2021 NFL Draft Michael Carter Profile

by Bob Van Duser
2021 NFL Draft Chazz Surratt

Welcome back for a look at my 2021 NFL Draft Michael Carter Profile! Michael Carter is one of my favorite running back prospects that NO ONE is talking about!

In this article I'm going to take a look at his college production statistically and on tape, and then we'll take a look at what we can expect for his NFL Draft stock, and take a look at some team fits. Lastly I'll lay out my thoughts on what his Fantasy outlook might be going forward!

If you haven't yet be sure to check out my other Draft Profiles on Patrick Surtain II, Caleb Farley, Micah Parsons, and Jeremiah Owusu-Koramoah, as well as our teams latest NFL Mock Draft!

2021 NFL Draft Michael Carter Profile

Collegiate Career

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Overview

Despite a decent high school career, Michael Carter wasn't a highly sought after running back prospect. Coming from a small high school in Florida, he was only recruited by Louisville, Mississippi State, Tennessee and Florida before ultimately deciding to commit to North Carolina.

At the start of his Freshman Season he was only 18 years old. He was utilized as a committee back but still amassed 97 attempts his Freshman Season. That's as an 18-year-old! That workload, though not a work horse role, is impressive to me at that age.

Javonte Williams entered the picture in his Sophomore Season, but didn't garner much attention in his(Williams) Freshman Season. In fact Williams only drew 43 Attempts, less than half of Carter's Freshman Season workload. That's interesting to me.

Over the course of the next two seasons it became a much more even timeshare between these two backs. Williams amassed 166 attempts in his Sophomore Season and 157 in his Junior Season respectively. Compared to Carter's 177 Attempts in his Junior Season, and 156 attempts in his Senior Season respectively.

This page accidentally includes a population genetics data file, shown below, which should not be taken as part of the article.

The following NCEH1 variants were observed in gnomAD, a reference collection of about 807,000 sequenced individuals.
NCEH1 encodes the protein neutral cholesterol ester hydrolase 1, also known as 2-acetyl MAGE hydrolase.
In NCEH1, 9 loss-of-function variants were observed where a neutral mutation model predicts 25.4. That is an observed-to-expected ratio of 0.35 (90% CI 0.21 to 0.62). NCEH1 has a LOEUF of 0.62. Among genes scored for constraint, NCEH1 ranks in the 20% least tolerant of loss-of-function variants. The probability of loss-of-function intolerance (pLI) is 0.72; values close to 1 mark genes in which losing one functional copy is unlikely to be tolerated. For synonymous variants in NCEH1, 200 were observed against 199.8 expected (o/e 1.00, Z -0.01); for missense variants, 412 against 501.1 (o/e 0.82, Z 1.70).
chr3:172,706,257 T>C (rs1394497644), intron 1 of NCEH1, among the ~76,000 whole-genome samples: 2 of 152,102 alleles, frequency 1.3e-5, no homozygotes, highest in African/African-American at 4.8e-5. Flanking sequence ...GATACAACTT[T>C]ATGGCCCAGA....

Stats

*Note: Stats with a * are areas that Carter performed better than Javonte Williams*

As a Freshman Carter amassed 97 Attempts, 559 Rushing Yards (5.8 YPC), 8 Rushing TDs, 11 Receptions, 100 Receiving Yards (9.1 YPR), and 1 Receiving Touchdown over 11 Games. (All without Javonte Williams on the team)

In his Sophomore Season Carter had 84 Attempts*, 597 Rushing Yards (7.1)**, 2 Rushing TDs, 25 Receptions*, 135 Receiving Yards (5.4 YPR), and 1 Receiving TD* over 9 Games.

As a Junior Carter amassed 177 Attempts*, 1003 Rushing Yards (5.7 YPC)**, 3 Rushing TDs, 21 Receptions*, 154 Receiving Yards (7.3 YPR), and 2 Receiving TDs* over 13 Games.

In his Senior Season Carter had 156 Attempts, 1245 Rushing Yards (8.0 YPC)**, 9 Rushing TDs, 25 Receptions (Same as Williams), 267 Receiving Yards (10.7 YPR), and 2 Receiving TDs over 11 Games.

The one big note here is that Carter never outproduced Williams in Rushing TDs. Outside of that, it's actually quite impressive what Carter has been able to do in comparison to Javonte Williams.

Another impressive note is that in his Senior Season Carter had 105 more Rushing Yards on one less carry. But ultimately the big difference here is the TDs. We'll get to how that breaks down next.
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Tale of the Tape

Michael Carter's tape is so, so, soooo good! I don't understand how anyone can rank him outside of their Top 5 Rookie RBs. He's shifty, quick, fast, has the long speed as well.

He's smaller but still does well between the tackles thanks to his excellent vision. One of my favorite things I noticed is it seems like he feels the defender closing in, and he baits him in and then stutter-steps to the side to evade the tackle. He turns it on and off in a snap and has enough burst to kick it right back into high gear to grind out more yards.